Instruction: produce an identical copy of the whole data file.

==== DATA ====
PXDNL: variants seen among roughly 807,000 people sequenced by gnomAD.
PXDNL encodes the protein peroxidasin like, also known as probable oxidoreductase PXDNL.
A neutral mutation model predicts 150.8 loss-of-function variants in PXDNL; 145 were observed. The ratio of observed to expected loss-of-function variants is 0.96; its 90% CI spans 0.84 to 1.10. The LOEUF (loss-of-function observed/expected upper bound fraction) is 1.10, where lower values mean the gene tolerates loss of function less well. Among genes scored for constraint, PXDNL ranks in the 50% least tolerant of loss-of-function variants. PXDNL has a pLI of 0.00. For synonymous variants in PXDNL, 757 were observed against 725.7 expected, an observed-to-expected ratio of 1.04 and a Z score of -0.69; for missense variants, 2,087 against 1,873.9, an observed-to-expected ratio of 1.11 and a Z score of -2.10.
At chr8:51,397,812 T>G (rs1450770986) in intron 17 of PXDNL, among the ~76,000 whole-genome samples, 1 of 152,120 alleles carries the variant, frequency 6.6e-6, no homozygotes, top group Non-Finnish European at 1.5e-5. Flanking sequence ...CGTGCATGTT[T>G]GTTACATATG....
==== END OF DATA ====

PXDNL: variants seen among roughly 807,000 people sequenced by gnomAD.
PXDNL encodes the protein peroxidasin like, also known as probable oxidoreductase PXDNL.
A neutral mutation model predicts 150.8 loss-of-function variants in PXDNL; 145 were observed. The ratio of observed to expected loss-of-function variants is 0.96; its 90% CI spans 0.84 to 1.10. The LOEUF (loss-of-function observed/expected upper bound fraction) is 1.10, where lower values mean the gene tolerates loss of function less well. Among genes scored for constraint, PXDNL ranks in the 50% least tolerant of loss-of-function variants. PXDNL has a pLI of 0.00. For synonymous variants in PXDNL, 757 were observed against 725.7 expected, an observed-to-expected ratio of 1.04 and a Z score of -0.69; for missense variants, 2,087 against 1,873.9, an observed-to-expected ratio of 1.11 and a Z score of -2.10.
At chr8:51,397,812 T>G (rs1450770986) in intron 17 of PXDNL, among the ~76,000 whole-genome samples, 1 of 152,120 alleles carries the variant, frequency 6.6e-6, no homozygotes, top group Non-Finnish European at 1.5e-5. Flanking sequence ...CGTGCATGTT[T>G]GTTACATATG....